The transition to IPv6 is top of mind for most service providers. Even in places where there are still IPv4 addresses to be had surveys we’ve run suggest v6 is solidly on the priority list. That’s not to say everyone has the same strategy. Depending where you are in the world transition options are different – in places such as APAC where exhaustion is at hand one of the many NAT alternatives will likely be deployed since getting a significant allocation of addresses is not going to happen and other alternatives for obtaining addresses will prove expensive. Ditto the European region, who is next on the list to find the IPv4 shelves bare.
Fortunately the doom and gloom predictions about the imminent demise of the Internet if we don’t move to IPv6 now have died down. That’s not to say there isn’t still a sense of urgency, but pragmatism reigns, and technology and operational experience continue to work their magic. Initial dismissiveness of NAT has yielded to a realization that with proper equipment, design, and best practices it can be made to work. In fact it’s likely it will be made to work well.
So there’s no doubt some cycles must be expended finalizing decisions on transition mechanisms. Fortunately there are some things, the DNS for instance, in the network that doesn’t change as much with IPv6. It has been possible to resolve IPv6 queries for many years now on every major DNS platform (transition technologies that leverage the DNS, like DNS64, have also emerged although aren’t yet widely deployed – lets save that topic for another post). Because on the surface it does not appear to be a system that will be impacted by the transition, “it just works”, it’s tempting to take it off the priority list.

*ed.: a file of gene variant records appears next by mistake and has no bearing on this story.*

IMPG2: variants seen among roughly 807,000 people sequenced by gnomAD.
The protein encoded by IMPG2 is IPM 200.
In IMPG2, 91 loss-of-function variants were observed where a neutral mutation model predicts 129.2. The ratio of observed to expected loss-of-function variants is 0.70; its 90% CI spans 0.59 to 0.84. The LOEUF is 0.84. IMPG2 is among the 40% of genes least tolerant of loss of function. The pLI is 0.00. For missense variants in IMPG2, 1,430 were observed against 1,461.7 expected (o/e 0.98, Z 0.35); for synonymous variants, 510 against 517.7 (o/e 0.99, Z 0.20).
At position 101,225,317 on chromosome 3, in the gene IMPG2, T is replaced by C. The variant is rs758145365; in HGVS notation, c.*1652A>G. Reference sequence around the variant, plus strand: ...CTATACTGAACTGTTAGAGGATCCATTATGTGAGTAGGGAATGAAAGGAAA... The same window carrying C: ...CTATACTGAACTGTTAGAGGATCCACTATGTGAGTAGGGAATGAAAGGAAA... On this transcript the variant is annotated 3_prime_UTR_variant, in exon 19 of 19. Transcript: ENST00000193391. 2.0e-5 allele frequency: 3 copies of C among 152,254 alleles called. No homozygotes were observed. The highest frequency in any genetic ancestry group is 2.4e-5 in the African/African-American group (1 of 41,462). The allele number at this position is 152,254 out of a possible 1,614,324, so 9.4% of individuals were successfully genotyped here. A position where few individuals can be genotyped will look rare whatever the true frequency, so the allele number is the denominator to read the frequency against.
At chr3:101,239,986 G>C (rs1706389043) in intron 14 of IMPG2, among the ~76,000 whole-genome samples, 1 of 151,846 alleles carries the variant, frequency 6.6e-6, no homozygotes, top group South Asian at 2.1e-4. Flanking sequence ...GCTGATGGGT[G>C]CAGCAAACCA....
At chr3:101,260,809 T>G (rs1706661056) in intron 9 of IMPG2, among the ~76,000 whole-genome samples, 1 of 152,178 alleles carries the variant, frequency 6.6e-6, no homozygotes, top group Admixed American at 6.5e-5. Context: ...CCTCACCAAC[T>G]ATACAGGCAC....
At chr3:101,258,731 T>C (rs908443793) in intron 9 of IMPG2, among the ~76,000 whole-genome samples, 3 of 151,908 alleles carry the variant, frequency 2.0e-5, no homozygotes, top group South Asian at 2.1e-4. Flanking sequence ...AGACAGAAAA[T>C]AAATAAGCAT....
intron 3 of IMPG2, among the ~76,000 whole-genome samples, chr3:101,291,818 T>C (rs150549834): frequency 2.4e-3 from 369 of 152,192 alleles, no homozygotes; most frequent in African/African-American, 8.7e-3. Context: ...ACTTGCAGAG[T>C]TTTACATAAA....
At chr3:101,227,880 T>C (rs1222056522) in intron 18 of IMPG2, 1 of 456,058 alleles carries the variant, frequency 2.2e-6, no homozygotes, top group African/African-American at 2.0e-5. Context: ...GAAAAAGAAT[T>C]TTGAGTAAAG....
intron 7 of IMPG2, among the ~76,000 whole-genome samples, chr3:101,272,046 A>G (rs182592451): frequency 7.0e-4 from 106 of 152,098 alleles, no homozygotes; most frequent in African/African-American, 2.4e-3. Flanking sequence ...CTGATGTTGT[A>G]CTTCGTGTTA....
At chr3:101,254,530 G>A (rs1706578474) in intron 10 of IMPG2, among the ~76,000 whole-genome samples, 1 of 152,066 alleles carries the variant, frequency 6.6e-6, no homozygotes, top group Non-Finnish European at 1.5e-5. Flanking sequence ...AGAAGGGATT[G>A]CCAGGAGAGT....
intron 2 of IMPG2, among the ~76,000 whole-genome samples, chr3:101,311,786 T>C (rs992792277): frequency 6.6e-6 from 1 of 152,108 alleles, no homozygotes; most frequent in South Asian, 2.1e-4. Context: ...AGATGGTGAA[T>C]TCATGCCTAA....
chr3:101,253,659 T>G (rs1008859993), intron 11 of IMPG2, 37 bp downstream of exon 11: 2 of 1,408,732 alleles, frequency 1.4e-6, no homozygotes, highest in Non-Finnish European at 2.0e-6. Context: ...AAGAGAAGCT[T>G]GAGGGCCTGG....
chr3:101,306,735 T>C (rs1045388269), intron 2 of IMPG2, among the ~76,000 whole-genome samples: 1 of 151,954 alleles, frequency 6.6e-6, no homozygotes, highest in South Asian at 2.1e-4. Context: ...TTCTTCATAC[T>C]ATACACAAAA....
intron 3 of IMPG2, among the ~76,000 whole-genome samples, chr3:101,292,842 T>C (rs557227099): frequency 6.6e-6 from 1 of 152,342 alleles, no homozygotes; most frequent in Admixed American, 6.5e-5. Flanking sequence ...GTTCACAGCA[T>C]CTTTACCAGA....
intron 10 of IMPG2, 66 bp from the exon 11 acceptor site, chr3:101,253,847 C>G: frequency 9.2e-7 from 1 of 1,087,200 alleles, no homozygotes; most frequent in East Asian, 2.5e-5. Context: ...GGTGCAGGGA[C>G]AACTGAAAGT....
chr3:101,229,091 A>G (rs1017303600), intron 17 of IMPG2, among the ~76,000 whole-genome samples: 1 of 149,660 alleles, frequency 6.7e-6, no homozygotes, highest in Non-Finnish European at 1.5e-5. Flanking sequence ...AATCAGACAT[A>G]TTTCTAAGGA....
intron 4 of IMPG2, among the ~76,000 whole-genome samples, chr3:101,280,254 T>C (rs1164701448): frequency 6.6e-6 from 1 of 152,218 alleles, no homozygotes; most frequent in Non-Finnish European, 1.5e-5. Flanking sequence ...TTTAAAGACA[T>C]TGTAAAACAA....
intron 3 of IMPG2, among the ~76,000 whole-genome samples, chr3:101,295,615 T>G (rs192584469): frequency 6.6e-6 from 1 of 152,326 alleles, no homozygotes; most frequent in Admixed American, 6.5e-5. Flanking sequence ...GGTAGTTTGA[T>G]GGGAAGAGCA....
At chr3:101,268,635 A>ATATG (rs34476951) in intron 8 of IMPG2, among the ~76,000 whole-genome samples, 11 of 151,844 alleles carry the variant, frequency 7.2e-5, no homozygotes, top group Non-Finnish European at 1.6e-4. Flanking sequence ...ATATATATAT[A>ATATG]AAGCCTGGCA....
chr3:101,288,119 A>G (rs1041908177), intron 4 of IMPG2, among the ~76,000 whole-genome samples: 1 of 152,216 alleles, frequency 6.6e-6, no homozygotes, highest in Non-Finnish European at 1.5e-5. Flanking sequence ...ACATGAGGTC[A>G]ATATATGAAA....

In fact a very strong case can be made that the DNS is a logical place to start the IPv6 transition. With budget money available for IPv6 why risk any issues with the DNS, the foundation of the network? Growth in DNS traffic remains very high and that won’t change with IPv6. Browser behaviors have been evolving in an effort to strike the right balance between bias toward v6 (sending AAAA queries first) and ensuring a good user experience – with implications for increasing query volumes even further. Attacks on the DNS won’t stop during or after the transition, and exploits that use the DNS won’t go away either. DDoS attacks have occurred over IPv6 and exploits on IPv6 are already being catalogued – attackers are agnostic about network access.
As is always the case in networking a little due diligence can pay big dividends, a few basic questions come to mind:
- How long has it been since your DNS has been resized?
- What is the average processor utilization of your servers?
- What’s the current performance (queries per second) and latency?
- What’s the trend?
- Have floods of queries ever brought down your DNS?
- How often is it attacked?
- How much DNS traffic is bot related (and perhaps more importantly what are the implications of that traffic on your network – but that’s a separate topic!).
- How difficult is it for you to gather this kind of DNS data?
Getting the DNS right ensures the network is stable, resilient, and ready to deliver the ultimate end user experience during and after the transition to IPv6. The question to ask is not whether the DNS supports IPv6 – it does, but how well the DNS you have will support IPv6 and the next wave of devices, applications, and security exposures. Given the massive investments that will be made for the IPv6 transition it cannot be overlooked. No one wants to be the person that says “we just assumed that part of the network would be fine because it always worked before.”